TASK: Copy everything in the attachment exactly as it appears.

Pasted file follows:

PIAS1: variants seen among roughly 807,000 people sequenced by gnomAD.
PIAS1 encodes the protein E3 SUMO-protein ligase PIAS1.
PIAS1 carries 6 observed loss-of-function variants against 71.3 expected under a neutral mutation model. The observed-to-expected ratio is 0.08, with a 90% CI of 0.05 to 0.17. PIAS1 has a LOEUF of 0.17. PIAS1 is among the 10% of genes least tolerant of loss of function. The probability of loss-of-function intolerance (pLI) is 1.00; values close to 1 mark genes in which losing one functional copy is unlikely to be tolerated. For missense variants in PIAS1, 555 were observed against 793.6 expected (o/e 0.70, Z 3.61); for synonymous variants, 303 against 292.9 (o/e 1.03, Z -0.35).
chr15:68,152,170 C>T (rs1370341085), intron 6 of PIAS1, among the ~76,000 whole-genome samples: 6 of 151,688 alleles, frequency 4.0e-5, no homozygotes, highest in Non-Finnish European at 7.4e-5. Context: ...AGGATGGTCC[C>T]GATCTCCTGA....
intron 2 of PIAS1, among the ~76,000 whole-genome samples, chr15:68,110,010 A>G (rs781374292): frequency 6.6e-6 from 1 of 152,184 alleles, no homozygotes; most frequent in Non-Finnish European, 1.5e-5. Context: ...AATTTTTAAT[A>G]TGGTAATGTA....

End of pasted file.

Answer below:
PIAS1: variants seen among roughly 807,000 people sequenced by gnomAD.
PIAS1 encodes the protein E3 SUMO-protein ligase PIAS1.
PIAS1 carries 6 observed loss-of-function variants against 71.3 expected under a neutral mutation model. The observed-to-expected ratio is 0.08, with a 90% CI of 0.05 to 0.17. PIAS1 has a LOEUF of 0.17. PIAS1 is among the 10% of genes least tolerant of loss of function. The probability of loss-of-function intolerance (pLI) is 1.00; values close to 1 mark genes in which losing one functional copy is unlikely to be tolerated. For missense variants in PIAS1, 555 were observed against 793.6 expected (o/e 0.70, Z 3.61); for synonymous variants, 303 against 292.9 (o/e 1.03, Z -0.35).
chr15:68,152,170 C>T (rs1370341085), intron 6 of PIAS1, among the ~76,000 whole-genome samples: 6 of 151,688 alleles, frequency 4.0e-5, no homozygotes, highest in Non-Finnish European at 7.4e-5. Context: ...AGGATGGTCC[C>T]GATCTCCTGA....
intron 2 of PIAS1, among the ~76,000 whole-genome samples, chr15:68,110,010 A>G (rs781374292): frequency 6.6e-6 from 1 of 152,184 alleles, no homozygotes; most frequent in Non-Finnish European, 1.5e-5. Context: ...AATTTTTAAT[A>G]TGGTAATGTA....